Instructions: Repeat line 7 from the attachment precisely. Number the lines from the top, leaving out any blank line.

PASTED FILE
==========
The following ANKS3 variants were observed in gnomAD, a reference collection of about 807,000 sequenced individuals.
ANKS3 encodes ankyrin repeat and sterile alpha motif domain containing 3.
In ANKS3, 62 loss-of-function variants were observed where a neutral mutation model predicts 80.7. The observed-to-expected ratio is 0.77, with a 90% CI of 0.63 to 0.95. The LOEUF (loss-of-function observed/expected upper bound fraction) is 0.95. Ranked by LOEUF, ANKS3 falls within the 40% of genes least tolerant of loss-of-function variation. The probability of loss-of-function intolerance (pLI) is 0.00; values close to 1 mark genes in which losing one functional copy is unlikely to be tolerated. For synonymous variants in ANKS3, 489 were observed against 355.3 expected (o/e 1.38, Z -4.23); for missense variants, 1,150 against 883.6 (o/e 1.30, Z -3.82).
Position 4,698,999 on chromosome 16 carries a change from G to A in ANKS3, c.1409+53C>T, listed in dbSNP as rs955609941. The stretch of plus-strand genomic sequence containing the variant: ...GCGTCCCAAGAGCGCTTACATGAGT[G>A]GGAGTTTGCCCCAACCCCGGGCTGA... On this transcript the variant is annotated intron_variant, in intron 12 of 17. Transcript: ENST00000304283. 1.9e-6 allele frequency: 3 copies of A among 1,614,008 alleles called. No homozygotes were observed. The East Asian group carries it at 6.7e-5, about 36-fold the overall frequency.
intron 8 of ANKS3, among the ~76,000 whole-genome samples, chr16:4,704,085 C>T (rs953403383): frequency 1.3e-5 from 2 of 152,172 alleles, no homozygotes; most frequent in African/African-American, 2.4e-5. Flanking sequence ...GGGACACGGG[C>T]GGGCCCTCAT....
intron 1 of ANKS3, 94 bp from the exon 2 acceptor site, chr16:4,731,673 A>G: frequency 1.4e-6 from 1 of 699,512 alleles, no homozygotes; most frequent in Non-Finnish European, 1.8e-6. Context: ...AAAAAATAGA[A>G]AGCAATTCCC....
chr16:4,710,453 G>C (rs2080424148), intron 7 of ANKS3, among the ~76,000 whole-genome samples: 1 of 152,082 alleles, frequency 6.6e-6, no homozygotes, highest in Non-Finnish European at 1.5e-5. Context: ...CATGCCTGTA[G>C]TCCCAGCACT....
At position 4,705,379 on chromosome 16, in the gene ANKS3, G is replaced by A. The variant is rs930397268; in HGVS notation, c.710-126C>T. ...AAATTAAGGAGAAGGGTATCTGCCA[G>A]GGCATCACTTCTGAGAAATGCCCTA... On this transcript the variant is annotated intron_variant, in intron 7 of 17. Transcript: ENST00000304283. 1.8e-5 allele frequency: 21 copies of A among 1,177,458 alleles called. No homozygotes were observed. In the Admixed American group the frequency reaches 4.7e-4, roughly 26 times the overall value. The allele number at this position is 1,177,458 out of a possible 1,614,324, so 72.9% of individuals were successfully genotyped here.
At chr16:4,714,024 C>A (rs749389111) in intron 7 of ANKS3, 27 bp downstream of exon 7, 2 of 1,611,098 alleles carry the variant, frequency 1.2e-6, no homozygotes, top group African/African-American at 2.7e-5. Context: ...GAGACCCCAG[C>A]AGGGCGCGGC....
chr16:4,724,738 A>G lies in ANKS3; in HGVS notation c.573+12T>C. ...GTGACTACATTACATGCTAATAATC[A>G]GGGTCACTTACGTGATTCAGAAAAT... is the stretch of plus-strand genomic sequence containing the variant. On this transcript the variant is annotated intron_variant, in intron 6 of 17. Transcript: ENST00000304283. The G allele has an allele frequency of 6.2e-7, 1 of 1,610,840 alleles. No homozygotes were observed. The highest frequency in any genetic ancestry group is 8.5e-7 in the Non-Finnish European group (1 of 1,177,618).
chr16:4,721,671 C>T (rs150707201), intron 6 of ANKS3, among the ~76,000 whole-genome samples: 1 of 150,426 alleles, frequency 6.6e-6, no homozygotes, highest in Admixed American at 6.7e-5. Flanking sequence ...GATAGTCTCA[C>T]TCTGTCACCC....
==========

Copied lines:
chr16:4,710,453 G>C (rs2080424148), intron 7 of ANKS3, among the ~76,000 whole-genome samples: 1 of 152,082 alleles, frequency 6.6e-6, no homozygotes, highest in Non-Finnish European at 1.5e-5. Context: ...CATGCCTGTA[G>C]TCCCAGCACT....